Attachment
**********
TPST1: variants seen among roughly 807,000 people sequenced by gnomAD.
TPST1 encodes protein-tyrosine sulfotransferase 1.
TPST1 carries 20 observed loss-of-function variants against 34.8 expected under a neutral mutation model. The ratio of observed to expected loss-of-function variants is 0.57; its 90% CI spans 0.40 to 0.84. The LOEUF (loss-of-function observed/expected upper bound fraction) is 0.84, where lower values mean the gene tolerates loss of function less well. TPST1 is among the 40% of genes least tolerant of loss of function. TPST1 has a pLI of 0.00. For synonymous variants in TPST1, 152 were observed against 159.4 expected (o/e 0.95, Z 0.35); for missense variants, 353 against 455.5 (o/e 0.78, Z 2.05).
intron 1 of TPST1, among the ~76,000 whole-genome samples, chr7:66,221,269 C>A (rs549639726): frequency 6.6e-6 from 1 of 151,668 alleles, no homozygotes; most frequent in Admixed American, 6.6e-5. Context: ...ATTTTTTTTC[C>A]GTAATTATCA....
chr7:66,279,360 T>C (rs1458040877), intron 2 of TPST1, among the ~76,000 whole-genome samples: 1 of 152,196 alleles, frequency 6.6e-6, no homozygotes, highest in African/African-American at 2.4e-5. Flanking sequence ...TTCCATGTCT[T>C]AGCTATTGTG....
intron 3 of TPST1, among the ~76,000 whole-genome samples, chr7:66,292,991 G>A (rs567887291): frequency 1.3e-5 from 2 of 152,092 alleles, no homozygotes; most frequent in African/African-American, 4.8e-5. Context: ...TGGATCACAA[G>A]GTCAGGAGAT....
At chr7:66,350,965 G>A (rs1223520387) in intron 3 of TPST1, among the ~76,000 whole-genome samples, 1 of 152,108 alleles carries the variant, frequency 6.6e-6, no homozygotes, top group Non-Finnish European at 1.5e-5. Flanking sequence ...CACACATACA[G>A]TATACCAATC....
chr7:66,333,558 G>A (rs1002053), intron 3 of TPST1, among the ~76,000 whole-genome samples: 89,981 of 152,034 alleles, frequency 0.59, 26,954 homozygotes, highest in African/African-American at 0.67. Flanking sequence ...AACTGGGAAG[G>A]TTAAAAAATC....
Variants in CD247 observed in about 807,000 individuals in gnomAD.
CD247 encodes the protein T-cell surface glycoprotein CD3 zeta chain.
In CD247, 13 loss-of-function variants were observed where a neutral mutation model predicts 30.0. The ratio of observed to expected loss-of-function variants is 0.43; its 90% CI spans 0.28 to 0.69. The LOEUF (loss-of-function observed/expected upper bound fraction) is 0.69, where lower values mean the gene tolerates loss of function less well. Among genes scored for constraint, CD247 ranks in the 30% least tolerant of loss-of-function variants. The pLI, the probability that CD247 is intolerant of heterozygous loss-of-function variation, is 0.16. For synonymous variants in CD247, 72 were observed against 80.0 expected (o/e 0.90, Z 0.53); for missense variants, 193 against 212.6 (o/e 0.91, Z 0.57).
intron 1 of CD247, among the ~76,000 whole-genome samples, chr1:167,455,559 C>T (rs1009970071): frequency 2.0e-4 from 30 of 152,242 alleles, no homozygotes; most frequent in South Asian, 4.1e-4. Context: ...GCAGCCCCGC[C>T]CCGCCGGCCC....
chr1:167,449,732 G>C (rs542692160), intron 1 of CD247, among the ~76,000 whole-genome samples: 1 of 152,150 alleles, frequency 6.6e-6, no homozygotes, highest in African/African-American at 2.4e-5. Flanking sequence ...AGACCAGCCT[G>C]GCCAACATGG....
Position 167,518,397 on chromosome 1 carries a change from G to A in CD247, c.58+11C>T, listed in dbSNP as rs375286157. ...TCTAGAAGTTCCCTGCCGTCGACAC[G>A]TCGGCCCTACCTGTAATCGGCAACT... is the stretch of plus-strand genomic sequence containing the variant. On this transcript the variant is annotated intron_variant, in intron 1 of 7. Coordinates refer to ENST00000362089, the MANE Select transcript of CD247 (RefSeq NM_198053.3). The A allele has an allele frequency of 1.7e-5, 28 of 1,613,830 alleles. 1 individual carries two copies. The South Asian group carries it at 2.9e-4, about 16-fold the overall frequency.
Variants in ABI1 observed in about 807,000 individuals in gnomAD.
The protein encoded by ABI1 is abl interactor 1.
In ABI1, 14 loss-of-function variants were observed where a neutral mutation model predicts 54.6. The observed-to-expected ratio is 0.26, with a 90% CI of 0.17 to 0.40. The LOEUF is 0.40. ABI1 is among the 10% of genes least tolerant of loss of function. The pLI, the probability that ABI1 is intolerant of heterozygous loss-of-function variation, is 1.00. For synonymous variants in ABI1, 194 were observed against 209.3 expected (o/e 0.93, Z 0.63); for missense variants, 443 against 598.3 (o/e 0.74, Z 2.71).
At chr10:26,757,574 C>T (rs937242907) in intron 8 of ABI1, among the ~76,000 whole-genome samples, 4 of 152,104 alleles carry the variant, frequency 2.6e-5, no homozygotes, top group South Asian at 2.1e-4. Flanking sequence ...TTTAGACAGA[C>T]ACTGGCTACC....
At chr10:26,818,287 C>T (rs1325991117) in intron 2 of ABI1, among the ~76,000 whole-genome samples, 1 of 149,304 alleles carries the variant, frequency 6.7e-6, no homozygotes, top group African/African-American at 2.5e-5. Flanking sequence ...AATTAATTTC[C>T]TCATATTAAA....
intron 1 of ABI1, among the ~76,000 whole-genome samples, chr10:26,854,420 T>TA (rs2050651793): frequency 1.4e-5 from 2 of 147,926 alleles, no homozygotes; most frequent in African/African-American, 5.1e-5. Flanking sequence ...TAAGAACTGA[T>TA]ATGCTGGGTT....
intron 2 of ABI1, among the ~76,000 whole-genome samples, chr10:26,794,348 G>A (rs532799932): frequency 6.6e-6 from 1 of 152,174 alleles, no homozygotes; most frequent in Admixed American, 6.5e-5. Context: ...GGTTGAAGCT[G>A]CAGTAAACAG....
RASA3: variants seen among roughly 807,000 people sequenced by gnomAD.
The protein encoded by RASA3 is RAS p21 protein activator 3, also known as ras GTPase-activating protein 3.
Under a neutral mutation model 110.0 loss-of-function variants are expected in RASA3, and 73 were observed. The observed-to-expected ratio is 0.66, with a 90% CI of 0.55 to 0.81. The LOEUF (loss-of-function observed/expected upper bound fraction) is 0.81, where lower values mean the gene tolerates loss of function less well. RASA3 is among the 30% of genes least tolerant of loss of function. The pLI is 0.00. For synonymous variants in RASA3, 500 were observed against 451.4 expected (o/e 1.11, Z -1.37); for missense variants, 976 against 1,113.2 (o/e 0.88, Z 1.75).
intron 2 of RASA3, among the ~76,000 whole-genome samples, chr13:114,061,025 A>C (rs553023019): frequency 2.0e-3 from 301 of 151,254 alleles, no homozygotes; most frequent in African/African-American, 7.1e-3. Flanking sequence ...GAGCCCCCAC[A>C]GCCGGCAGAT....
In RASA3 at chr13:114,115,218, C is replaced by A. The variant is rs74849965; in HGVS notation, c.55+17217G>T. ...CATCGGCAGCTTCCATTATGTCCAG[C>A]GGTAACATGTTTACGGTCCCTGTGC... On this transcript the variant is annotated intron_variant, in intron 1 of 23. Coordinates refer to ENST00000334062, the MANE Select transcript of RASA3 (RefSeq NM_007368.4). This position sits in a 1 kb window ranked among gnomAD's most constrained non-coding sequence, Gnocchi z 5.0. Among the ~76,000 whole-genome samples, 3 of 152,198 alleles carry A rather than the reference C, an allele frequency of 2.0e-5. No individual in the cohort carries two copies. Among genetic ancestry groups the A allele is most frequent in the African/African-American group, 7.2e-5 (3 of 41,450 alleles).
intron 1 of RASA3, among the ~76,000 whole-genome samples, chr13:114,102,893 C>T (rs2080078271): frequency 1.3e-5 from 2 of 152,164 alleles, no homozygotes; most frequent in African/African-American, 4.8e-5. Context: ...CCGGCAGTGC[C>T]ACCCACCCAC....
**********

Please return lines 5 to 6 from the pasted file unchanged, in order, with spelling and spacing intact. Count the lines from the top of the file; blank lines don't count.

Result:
chr7:66,279,360 T>C (rs1458040877), intron 2 of TPST1, among the ~76,000 whole-genome samples: 1 of 152,196 alleles, frequency 6.6e-6, no homozygotes, highest in African/African-American at 2.4e-5. Flanking sequence ...TTCCATGTCT[T>C]AGCTATTGTG....
intron 3 of TPST1, among the ~76,000 whole-genome samples, chr7:66,292,991 G>A (rs567887291): frequency 1.3e-5 from 2 of 152,092 alleles, no homozygotes; most frequent in African/African-American, 4.8e-5. Context: ...TGGATCACAA[G>A]GTCAGGAGAT....